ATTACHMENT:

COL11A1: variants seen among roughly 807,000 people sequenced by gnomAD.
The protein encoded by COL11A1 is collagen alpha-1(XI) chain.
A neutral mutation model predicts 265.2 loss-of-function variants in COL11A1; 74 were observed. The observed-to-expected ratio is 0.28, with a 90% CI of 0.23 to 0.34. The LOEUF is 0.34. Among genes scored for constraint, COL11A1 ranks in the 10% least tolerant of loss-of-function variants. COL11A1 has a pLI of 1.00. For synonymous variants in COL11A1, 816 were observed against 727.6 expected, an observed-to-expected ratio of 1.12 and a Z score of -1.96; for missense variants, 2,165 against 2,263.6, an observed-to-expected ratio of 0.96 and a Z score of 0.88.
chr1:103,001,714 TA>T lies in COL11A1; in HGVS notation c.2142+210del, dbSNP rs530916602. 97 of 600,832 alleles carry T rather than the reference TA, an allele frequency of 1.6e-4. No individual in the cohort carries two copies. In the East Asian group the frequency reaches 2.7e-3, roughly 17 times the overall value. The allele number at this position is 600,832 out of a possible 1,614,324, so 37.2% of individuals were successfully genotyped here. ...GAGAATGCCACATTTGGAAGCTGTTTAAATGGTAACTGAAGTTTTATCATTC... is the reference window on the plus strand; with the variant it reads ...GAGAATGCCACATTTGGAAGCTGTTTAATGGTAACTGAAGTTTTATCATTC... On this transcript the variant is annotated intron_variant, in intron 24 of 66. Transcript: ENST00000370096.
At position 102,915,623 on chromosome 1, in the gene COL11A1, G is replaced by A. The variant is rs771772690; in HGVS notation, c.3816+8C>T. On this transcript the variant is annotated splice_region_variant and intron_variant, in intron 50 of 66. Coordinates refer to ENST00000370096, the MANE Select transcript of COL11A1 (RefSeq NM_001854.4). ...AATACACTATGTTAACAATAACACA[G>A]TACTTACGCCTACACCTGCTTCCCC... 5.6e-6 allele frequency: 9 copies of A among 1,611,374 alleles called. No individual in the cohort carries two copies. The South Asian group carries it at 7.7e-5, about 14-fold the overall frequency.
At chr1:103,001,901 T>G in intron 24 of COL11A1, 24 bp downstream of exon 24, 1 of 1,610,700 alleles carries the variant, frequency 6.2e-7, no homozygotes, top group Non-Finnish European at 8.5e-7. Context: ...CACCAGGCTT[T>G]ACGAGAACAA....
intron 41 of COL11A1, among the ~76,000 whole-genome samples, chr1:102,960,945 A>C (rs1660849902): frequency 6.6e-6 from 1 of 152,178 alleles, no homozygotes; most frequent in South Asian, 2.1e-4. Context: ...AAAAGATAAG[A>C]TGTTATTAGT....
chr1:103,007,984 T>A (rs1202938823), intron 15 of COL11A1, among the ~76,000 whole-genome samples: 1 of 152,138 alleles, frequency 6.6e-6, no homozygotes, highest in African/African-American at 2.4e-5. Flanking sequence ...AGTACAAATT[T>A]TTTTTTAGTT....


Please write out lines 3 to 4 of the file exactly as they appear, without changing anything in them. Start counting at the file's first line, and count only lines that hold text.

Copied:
A neutral mutation model predicts 265.2 loss-of-function variants in COL11A1; 74 were observed. The observed-to-expected ratio is 0.28, with a 90% CI of 0.23 to 0.34. The LOEUF is 0.34. Among genes scored for constraint, COL11A1 ranks in the 10% least tolerant of loss-of-function variants. COL11A1 has a pLI of 1.00. For synonymous variants in COL11A1, 816 were observed against 727.6 expected, an observed-to-expected ratio of 1.12 and a Z score of -1.96; for missense variants, 2,165 against 2,263.6, an observed-to-expected ratio of 0.96 and a Z score of 0.88.
chr1:103,001,714 TA>T lies in COL11A1; in HGVS notation c.2142+210del, dbSNP rs530916602. 97 of 600,832 alleles carry T rather than the reference TA, an allele frequency of 1.6e-4. No individual in the cohort carries two copies. In the East Asian group the frequency reaches 2.7e-3, roughly 17 times the overall value. The allele number at this position is 600,832 out of a possible 1,614,324, so 37.2% of individuals were successfully genotyped here. ...GAGAATGCCACATTTGGAAGCTGTTTAAATGGTAACTGAAGTTTTATCATTC... is the reference window on the plus strand; with the variant it reads ...GAGAATGCCACATTTGGAAGCTGTTTAATGGTAACTGAAGTTTTATCATTC... On this transcript the variant is annotated intron_variant, in intron 24 of 66. Transcript: ENST00000370096.